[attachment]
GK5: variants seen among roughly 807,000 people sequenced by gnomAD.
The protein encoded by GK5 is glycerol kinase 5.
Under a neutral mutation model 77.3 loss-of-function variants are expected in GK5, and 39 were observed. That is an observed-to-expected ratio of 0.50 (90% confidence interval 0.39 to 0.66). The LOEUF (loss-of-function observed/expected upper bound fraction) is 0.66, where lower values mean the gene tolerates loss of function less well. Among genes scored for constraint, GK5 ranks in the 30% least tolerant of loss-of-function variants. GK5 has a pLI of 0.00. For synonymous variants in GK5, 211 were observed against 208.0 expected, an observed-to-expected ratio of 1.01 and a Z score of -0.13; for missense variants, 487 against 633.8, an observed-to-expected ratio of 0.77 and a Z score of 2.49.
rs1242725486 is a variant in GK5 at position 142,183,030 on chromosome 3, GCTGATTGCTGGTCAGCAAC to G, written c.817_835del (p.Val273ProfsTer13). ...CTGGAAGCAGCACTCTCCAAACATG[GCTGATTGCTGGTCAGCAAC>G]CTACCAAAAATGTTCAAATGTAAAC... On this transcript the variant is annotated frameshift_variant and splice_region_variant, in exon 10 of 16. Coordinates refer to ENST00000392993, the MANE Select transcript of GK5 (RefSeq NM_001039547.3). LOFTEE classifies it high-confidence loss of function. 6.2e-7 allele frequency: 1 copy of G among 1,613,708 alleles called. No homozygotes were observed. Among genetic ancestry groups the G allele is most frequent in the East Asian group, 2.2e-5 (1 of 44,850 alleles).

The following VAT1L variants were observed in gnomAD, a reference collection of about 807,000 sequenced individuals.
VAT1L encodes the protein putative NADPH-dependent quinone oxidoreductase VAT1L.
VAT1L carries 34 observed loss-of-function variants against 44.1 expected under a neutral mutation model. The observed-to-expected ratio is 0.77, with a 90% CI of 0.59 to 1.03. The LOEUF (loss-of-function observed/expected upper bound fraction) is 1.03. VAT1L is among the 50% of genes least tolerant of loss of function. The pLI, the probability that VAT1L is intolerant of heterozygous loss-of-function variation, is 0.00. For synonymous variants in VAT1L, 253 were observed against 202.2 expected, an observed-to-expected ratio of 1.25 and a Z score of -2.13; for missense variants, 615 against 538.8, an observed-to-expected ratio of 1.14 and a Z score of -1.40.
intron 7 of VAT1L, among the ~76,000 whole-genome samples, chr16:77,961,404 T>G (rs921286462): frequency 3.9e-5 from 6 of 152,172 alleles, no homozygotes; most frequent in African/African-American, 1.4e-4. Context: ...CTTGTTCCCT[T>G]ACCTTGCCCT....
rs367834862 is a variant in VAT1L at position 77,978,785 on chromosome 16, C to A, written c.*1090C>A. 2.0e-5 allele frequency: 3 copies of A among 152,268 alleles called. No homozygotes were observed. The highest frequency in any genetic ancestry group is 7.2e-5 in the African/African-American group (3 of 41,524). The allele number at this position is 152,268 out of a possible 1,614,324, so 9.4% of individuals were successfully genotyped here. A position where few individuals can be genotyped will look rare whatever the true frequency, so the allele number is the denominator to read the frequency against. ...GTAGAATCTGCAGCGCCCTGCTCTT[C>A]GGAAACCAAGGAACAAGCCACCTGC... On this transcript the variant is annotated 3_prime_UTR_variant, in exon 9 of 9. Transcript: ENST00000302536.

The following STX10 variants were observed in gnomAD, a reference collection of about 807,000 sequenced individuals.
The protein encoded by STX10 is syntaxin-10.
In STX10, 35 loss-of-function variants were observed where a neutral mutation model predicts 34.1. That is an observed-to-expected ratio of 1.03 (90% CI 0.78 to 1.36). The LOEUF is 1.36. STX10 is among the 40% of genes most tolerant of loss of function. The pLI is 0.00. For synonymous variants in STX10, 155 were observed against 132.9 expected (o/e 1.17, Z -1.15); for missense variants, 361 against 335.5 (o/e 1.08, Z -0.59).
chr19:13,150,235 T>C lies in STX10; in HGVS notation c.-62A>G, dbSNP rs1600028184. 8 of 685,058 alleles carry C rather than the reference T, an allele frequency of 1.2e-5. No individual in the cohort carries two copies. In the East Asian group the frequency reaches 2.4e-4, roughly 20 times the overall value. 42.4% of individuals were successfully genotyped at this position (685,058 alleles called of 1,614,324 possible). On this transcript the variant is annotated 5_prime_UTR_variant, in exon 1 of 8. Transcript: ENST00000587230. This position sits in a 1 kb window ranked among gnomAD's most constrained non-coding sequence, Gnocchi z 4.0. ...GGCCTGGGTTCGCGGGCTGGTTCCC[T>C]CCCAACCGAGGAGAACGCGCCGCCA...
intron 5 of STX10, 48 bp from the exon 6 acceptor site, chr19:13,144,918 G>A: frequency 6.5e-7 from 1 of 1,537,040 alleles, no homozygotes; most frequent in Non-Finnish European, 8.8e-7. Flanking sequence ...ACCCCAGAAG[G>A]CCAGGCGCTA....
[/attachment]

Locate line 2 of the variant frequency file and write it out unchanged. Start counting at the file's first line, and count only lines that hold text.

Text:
The protein encoded by GK5 is glycerol kinase 5.